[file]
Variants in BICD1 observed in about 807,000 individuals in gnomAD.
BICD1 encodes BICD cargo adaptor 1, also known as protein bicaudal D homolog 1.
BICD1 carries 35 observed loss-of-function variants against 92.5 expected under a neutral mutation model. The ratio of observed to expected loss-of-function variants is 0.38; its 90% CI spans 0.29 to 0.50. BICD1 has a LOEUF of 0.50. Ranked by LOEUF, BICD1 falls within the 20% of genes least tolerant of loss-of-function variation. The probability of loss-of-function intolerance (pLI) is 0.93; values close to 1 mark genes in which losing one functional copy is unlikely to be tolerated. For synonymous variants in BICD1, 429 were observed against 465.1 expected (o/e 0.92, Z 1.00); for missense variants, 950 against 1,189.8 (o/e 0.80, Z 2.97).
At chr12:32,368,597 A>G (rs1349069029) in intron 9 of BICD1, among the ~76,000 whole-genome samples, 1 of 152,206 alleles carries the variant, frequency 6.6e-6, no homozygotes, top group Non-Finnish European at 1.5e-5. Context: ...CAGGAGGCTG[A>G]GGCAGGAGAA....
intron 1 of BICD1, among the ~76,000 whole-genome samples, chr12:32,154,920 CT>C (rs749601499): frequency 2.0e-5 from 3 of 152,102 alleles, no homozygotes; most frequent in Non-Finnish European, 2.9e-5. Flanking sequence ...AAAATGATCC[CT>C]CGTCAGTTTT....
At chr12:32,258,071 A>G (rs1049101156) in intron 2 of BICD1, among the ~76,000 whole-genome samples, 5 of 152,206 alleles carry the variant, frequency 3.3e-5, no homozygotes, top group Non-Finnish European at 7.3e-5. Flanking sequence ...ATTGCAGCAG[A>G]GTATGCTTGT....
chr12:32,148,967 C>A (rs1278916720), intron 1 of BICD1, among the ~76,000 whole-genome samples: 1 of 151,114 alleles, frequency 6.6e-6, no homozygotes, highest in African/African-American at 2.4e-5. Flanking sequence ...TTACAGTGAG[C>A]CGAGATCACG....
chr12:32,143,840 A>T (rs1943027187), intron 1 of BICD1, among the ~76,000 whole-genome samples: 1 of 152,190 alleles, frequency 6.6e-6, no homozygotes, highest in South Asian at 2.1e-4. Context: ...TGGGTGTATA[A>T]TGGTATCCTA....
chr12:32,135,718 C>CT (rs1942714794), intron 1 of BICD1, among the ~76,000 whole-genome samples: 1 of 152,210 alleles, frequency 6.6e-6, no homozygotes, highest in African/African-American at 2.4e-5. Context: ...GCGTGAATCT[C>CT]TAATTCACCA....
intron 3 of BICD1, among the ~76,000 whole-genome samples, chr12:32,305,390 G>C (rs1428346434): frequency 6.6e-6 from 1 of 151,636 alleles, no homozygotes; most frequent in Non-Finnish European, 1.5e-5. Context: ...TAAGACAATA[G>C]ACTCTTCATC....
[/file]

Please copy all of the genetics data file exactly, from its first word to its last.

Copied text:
Variants in BICD1 observed in about 807,000 individuals in gnomAD.
BICD1 encodes BICD cargo adaptor 1, also known as protein bicaudal D homolog 1.
BICD1 carries 35 observed loss-of-function variants against 92.5 expected under a neutral mutation model. The ratio of observed to expected loss-of-function variants is 0.38; its 90% CI spans 0.29 to 0.50. BICD1 has a LOEUF of 0.50. Ranked by LOEUF, BICD1 falls within the 20% of genes least tolerant of loss-of-function variation. The probability of loss-of-function intolerance (pLI) is 0.93; values close to 1 mark genes in which losing one functional copy is unlikely to be tolerated. For synonymous variants in BICD1, 429 were observed against 465.1 expected (o/e 0.92, Z 1.00); for missense variants, 950 against 1,189.8 (o/e 0.80, Z 2.97).
At chr12:32,368,597 A>G (rs1349069029) in intron 9 of BICD1, among the ~76,000 whole-genome samples, 1 of 152,206 alleles carries the variant, frequency 6.6e-6, no homozygotes, top group Non-Finnish European at 1.5e-5. Context: ...CAGGAGGCTG[A>G]GGCAGGAGAA....
intron 1 of BICD1, among the ~76,000 whole-genome samples, chr12:32,154,920 CT>C (rs749601499): frequency 2.0e-5 from 3 of 152,102 alleles, no homozygotes; most frequent in Non-Finnish European, 2.9e-5. Flanking sequence ...AAAATGATCC[CT>C]CGTCAGTTTT....
At chr12:32,258,071 A>G (rs1049101156) in intron 2 of BICD1, among the ~76,000 whole-genome samples, 5 of 152,206 alleles carry the variant, frequency 3.3e-5, no homozygotes, top group Non-Finnish European at 7.3e-5. Flanking sequence ...ATTGCAGCAG[A>G]GTATGCTTGT....
chr12:32,148,967 C>A (rs1278916720), intron 1 of BICD1, among the ~76,000 whole-genome samples: 1 of 151,114 alleles, frequency 6.6e-6, no homozygotes, highest in African/African-American at 2.4e-5. Flanking sequence ...TTACAGTGAG[C>A]CGAGATCACG....
chr12:32,143,840 A>T (rs1943027187), intron 1 of BICD1, among the ~76,000 whole-genome samples: 1 of 152,190 alleles, frequency 6.6e-6, no homozygotes, highest in South Asian at 2.1e-4. Context: ...TGGGTGTATA[A>T]TGGTATCCTA....
chr12:32,135,718 C>CT (rs1942714794), intron 1 of BICD1, among the ~76,000 whole-genome samples: 1 of 152,210 alleles, frequency 6.6e-6, no homozygotes, highest in African/African-American at 2.4e-5. Context: ...GCGTGAATCT[C>CT]TAATTCACCA....
intron 3 of BICD1, among the ~76,000 whole-genome samples, chr12:32,305,390 G>C (rs1428346434): frequency 6.6e-6 from 1 of 151,636 alleles, no homozygotes; most frequent in Non-Finnish European, 1.5e-5. Context: ...TAAGACAATA[G>C]ACTCTTCATC....